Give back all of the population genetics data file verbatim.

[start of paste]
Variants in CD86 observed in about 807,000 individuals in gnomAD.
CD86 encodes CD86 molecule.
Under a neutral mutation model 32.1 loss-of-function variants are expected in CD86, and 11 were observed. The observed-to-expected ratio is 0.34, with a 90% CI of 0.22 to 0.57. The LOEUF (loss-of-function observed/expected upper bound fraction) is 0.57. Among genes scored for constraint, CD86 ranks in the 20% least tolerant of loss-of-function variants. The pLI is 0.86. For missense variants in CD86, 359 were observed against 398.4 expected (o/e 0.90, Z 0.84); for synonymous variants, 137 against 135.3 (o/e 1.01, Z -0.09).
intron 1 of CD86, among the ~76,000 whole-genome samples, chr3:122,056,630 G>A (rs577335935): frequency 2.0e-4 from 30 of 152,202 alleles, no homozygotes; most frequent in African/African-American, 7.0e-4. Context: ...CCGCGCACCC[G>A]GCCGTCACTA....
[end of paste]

Variants in CD86 observed in about 807,000 individuals in gnomAD.
CD86 encodes CD86 molecule.
Under a neutral mutation model 32.1 loss-of-function variants are expected in CD86, and 11 were observed. The observed-to-expected ratio is 0.34, with a 90% CI of 0.22 to 0.57. The LOEUF (loss-of-function observed/expected upper bound fraction) is 0.57. Among genes scored for constraint, CD86 ranks in the 20% least tolerant of loss-of-function variants. The pLI is 0.86. For missense variants in CD86, 359 were observed against 398.4 expected (o/e 0.90, Z 0.84); for synonymous variants, 137 against 135.3 (o/e 1.01, Z -0.09).
intron 1 of CD86, among the ~76,000 whole-genome samples, chr3:122,056,630 G>A (rs577335935): frequency 2.0e-4 from 30 of 152,202 alleles, no homozygotes; most frequent in African/African-American, 7.0e-4. Context: ...CCGCGCACCC[G>A]GCCGTCACTA....